Albanian Grave Art
The Albanians do not have a developed grave culture. The fine old cemeteries
that are to be found in other European countries are rare in this part of the
world. Indeed, there are very few original graves in Albania that predate the
Second World War. One reason for this, aside from the high level of destruction
and self-destruction that has ravaged Albanian lands over the ages, is that the
majority of Albanians converted to Islam during the Ottoman period. Although
this conversion was more formal than fervent, and religious sentiment –
Muslim or Christian – has never been strong in the country, Muslim Albanians
have until recently, for the most part, respected Islamic burial traditions. This
means that the dead are buried very quickly, if possible within 24 hours, and
that little more than a mound of earth remains to mark the gravesites. At most,
a simple uncarved stone was placed on the grave as a marker, since Islamic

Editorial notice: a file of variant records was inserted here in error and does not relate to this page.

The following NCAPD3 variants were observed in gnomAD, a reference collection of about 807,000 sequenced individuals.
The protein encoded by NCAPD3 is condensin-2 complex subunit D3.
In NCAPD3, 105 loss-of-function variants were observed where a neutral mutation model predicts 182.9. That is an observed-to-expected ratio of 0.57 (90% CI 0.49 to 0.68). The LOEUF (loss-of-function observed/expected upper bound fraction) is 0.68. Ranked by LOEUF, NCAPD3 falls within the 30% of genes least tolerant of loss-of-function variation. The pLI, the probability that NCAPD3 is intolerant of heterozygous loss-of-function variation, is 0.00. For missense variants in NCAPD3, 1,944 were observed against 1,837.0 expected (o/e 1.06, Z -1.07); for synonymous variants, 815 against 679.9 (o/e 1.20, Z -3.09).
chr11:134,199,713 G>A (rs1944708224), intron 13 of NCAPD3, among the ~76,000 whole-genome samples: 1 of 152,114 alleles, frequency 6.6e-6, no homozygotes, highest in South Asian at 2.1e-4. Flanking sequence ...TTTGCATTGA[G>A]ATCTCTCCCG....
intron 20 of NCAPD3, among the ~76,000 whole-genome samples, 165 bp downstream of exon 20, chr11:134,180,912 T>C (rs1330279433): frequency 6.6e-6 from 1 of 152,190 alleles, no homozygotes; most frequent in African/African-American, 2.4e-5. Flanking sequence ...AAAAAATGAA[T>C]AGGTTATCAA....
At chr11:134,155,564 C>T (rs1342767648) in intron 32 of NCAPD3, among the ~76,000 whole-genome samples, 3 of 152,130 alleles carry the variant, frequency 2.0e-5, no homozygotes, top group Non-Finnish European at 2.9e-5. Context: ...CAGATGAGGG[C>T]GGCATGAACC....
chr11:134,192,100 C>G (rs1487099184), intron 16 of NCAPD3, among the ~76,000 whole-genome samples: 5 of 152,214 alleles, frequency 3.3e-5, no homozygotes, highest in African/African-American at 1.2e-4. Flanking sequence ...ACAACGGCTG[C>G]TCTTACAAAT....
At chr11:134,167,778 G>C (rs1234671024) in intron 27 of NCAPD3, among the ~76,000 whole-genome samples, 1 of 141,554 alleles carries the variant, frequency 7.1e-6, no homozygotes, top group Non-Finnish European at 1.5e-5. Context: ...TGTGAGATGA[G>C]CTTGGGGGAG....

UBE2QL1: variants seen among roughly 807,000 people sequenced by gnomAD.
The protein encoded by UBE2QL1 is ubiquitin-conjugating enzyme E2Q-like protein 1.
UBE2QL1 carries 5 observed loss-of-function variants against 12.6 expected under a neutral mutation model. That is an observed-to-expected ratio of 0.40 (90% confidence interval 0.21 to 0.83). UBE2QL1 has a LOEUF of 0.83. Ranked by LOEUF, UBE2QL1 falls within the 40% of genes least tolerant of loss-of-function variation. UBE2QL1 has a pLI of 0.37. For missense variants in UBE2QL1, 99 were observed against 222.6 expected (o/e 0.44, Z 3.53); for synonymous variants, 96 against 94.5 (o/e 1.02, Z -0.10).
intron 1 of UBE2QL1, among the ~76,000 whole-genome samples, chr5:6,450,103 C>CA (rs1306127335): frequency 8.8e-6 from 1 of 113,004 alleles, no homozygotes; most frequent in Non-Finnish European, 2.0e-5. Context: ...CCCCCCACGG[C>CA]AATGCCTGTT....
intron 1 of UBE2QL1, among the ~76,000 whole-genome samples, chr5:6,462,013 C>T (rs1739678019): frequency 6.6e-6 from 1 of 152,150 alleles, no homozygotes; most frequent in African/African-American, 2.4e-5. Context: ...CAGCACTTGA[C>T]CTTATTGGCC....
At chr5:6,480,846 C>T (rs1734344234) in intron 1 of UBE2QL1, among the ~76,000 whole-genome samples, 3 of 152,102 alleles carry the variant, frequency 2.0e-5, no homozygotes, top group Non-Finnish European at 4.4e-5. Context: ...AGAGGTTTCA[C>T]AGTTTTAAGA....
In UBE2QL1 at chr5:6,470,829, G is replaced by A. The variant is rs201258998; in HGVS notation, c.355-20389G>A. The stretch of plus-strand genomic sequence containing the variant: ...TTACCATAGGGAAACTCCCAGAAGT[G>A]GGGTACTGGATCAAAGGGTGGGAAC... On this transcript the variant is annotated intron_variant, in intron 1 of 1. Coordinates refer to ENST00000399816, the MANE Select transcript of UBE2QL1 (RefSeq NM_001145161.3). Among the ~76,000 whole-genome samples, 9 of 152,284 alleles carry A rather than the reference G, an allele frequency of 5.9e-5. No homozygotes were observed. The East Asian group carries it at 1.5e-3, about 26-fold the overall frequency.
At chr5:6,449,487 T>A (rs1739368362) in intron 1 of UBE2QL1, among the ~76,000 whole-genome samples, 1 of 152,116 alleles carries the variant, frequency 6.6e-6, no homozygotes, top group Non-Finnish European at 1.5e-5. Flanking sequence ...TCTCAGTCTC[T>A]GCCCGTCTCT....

custom traditionally discouraged large tombstones.
The Catholic and Orthodox Albanians often had more elaborate graves,
traditionally with Christian crosses and symbols. In Catholic cemeteries in the
northern Albanian mountains, one can still find gravestones and wooden
crosses adorned with old folk symbols such as the sun, the moon, stars, birds
and snakes. Indeed, birds were often carved on top of the wooden crosses.
However, such traditional graves embellished with folk art, as still can be
encountered here and there in the Shala, Kelmendi, Hoti, Gruda and Triepshi
regions, are now rare.
One exception to this is the amazing Catholic cemetery in Vuksanlekaj
(BCS: Vuksanlekići) in Montenegro. The village of Vuksanlekaj, on the road
between the Montenegrin capital Podgorica and the northern Albanian city of
Shkodra, is situated in the territory of the Albanian Hoti tribe, that has been
divided between Albania and Montenegro since 1913, following the
Montenegrin military conquest of the region.
The gravestones to be seen in this cemetery, an extraordinary and seemingly
unique collection of traditional Albanian folk art, cannot be dated precisely, but
they would seem to derive from the early twentieth or the second half of the
nineteenth century. Many of the motifs on the tombstones stem from a much